Losing control of photos/material
Mobile phones can impart a feeling of privacy for children/adolescents—they're able to communicate with friends without parents or other friends hanging around. However, that feeling of privacy is an illusion. It's easy for a supposedly safe friend to forward personal information, photos, videos, or anything else to anyone they choose.
Once a photo, video or message is sent by mobile phone, the user can never regain total control of the content.
How could children/adolescents lose control of material they send from their mobile phone?
- Material could be copied or taken from a mobile phone if the Bluetooth function is on and unlocked
- Material could be shared by a child/adolescent's friend
- Material could accidentally be sent to someone they don't know
- Photos/videos sent from a mobile phone could be posted online. Photo-sharing websites (e.g. Flickr, Photobucket), online video sites (e.g. YouTube, Google video) and social networking sites (Facebook, Twitter) make reproducing and distributing photos/video sent from mobile phones extremely easy
- Photos could be posted in a public forum such a school for everyone to view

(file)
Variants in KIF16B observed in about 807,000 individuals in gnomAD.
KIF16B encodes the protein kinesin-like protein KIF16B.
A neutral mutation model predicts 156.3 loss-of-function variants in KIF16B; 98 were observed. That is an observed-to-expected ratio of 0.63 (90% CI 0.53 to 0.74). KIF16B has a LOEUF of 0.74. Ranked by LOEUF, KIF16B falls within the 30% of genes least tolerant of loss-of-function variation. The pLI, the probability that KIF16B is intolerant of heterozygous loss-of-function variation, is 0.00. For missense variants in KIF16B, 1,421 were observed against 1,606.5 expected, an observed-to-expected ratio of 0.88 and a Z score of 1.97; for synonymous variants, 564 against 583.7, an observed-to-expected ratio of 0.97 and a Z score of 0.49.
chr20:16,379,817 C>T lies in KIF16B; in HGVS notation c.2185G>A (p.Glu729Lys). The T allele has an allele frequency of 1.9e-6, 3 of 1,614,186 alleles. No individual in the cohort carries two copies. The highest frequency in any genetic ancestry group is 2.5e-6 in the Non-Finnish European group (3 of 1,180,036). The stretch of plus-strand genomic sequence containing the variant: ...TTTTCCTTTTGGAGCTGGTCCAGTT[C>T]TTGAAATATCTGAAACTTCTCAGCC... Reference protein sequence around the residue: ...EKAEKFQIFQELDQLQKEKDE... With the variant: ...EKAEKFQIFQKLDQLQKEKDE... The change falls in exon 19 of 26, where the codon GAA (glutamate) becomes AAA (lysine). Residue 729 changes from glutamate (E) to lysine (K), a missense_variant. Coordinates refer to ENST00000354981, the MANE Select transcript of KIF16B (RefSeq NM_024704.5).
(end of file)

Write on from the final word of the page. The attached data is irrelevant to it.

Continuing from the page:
A nude image of a young girl was reproduced 800,000 times over an 18 month period on a popular peer-to-peer network.
What can parents do?
- Stress to your child/adolescent that s/he shouldn't share personal information with anyone via his/her mobile phone
- Emphasize that your child/adolescent to never share photos/video by mobile phone and provide case examples that demonstrate why this is a concern
- Encourage your child/adolescent to update their social networking sites from the home computer vs. a mobile phone. Talk to the mobile phone provider about options for minimizing risk: disabling web browsing, choosing a phone without a camera, etc.
For more on what parents can do to reduce the chance of their child/adolescent losing control of sent material, click here.